Liberman rejects Teachers Union ‘bullying,’ publicly presents wage hike proposal

Finance minister says strike threat is an attempt to ‘take students and parents hostage’; union calls proposal ’embarrassing,’ as representatives set to sit down with Lapid

Finance Minister Avigdor Liberman speaks during a press conference at the Finance Ministry in Jerusalem, August 17, 2022. (Yonatan Sindel/Flash90)
Finance Minister Avigdor Liberman speaks during a press conference at the Finance Ministry in Jerusalem, August 17, 2022. (Yonatan Sindel/Flash90)

Amid continued uncertainty about whether the school year will begin as normal in two weeks, Finance Minister Avigdor Liberman accused the Israel Teachers Union of “bullying” and trying to “take the students and parents hostage” by threatening a strike if their pay demands aren’t met.

The head of the Teachers Union has threatened to call a strike to block the planned opening of schools nationwide on September 1.

On Tuesday, Education Minister Yifat Shasha-Biton said the labor negotiations were not advancing fast enough. Shasha-Biton said salary offers by the Finance Ministry for teachers were unsatisfactory and accused treasury officials of dragging out talks until the last possible moment before September 1 to threaten the start of the school year.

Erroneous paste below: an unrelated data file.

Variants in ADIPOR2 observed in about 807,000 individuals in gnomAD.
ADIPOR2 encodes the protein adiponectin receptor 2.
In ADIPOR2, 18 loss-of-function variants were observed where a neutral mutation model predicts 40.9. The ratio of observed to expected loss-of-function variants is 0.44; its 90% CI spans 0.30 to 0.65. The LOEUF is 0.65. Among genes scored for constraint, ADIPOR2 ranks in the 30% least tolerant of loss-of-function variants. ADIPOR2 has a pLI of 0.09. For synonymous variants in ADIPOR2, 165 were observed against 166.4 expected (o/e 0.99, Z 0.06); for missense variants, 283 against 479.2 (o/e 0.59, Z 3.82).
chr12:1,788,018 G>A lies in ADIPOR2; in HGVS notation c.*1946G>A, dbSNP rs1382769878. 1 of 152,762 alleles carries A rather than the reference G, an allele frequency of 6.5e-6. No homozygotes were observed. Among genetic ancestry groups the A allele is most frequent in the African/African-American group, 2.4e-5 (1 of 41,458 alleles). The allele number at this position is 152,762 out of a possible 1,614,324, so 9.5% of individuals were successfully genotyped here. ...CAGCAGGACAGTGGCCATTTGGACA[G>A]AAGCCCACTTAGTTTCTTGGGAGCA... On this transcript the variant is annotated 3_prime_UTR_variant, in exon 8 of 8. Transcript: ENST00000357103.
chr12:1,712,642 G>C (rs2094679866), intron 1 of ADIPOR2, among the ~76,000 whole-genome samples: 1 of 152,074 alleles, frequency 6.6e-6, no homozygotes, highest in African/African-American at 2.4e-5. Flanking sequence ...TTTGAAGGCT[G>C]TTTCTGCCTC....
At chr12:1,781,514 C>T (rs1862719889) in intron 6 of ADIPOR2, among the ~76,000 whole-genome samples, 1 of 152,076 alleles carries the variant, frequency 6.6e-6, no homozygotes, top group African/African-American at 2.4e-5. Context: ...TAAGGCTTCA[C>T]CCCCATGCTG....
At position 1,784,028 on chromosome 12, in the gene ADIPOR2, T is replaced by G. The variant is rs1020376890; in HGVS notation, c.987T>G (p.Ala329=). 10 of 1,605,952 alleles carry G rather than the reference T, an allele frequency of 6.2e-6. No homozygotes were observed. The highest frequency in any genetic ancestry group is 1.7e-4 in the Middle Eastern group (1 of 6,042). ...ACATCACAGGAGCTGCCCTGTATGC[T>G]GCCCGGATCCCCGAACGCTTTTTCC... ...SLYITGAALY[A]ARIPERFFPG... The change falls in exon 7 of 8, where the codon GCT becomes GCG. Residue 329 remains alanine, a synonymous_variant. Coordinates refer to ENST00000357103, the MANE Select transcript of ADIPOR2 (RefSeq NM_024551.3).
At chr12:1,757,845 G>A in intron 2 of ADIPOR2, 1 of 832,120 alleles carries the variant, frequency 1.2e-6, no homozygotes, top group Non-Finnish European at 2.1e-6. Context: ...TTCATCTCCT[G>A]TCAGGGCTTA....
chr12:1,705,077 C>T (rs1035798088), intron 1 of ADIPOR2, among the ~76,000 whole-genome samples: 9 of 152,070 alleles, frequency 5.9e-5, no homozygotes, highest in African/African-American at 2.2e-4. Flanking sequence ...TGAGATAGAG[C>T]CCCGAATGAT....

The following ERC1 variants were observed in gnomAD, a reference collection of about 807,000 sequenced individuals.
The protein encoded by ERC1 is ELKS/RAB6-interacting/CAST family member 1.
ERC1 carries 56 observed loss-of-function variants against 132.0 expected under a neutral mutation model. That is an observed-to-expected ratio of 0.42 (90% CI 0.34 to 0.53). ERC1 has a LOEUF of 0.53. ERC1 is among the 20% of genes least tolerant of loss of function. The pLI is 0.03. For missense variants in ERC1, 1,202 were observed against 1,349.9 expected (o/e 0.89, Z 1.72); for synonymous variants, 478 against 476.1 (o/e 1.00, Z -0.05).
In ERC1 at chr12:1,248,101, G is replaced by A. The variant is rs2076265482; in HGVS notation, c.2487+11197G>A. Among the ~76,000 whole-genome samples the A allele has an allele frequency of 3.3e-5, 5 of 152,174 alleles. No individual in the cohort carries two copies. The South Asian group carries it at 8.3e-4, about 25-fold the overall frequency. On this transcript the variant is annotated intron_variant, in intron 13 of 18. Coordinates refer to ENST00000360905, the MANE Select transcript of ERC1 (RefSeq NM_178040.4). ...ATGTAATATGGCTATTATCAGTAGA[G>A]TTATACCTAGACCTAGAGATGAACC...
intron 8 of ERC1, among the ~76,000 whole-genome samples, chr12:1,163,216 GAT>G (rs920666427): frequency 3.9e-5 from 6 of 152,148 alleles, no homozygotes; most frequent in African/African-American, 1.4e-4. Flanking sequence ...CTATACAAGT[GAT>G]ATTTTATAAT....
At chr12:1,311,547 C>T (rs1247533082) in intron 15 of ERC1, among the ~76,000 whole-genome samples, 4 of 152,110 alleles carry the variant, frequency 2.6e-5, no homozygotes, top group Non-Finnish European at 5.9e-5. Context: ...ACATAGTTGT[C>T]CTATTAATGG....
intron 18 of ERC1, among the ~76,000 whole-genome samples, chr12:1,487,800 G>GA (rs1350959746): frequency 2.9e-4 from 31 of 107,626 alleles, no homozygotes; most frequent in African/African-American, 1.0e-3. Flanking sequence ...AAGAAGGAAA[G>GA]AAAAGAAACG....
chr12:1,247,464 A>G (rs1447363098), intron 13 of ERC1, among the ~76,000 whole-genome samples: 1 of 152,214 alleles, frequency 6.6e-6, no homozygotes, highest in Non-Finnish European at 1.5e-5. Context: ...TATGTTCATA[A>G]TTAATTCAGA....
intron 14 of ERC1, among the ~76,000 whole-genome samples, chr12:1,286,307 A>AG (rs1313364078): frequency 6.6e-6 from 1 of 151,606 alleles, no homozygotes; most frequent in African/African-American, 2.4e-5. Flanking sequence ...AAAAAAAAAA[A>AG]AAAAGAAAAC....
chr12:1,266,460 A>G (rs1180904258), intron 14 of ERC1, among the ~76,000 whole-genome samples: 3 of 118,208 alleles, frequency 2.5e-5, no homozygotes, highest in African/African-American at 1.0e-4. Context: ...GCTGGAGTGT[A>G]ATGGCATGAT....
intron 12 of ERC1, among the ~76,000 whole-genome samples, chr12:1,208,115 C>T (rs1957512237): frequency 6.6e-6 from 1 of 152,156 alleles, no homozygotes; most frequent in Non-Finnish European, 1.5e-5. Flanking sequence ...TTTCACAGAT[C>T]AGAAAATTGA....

At a press conference on Wednesday at the Finance Ministry offices in Jerusalem, Liberman said he wouldn’t give in to “violent behavior,” a day after the education minister’s accusations.

Liberman suggested that the Teachers Union was counting on the caretaker government to give in to its demands due to the looming November election.

“I’m hearing that some are sure that a government won’t be able to allow a strike two months before elections, and there is an attempt to take the students and parents hostage,” he said. “Violent and bullying behavior will not pay off.”

Finance Minister Avigdor Liberman holds a press conference at the Finance Ministry in Jerusalem, August 17, 2022. (Yonatan Sindel/Flash90)

Standing beside the Finance Ministry official in charge of salaries, Kobi Bar- Nathan, Liberman presented the treasury’s full proposal for a wage agreement with the Teachers Union, acknowledging that any deal signed with teachers will immediately spark similar wage demands from other unionized sectors.

“This is the first time since the creation of the state that the education budget is bigger than any other budget, including the defense budget,” he claimed.

According to the proposal, new teachers would earn a monthly NIS 9,000 ($2,760) from the start, and receive an extra NIS 1,100 ($340) if they’re homeroom teachers, an extra NIS 1,500 ($460) if they’re kindergarten managers, and a one-time stipend of NIS 24,000 ($7,360) after working for three straight years.

The starting salary for school principals will be a monthly NIS 20,000 ($6,140), with extra for principals who are also homeroom teachers.

This represents a salary hike of up to NIS 2,100 ($650) per month for teachers and up to NIS 5,400 ($1,650) for principals, as well as other perks.

Veteran teachers will get a raise of NIS 800 ($245) per month, according to Liberman’s proposal.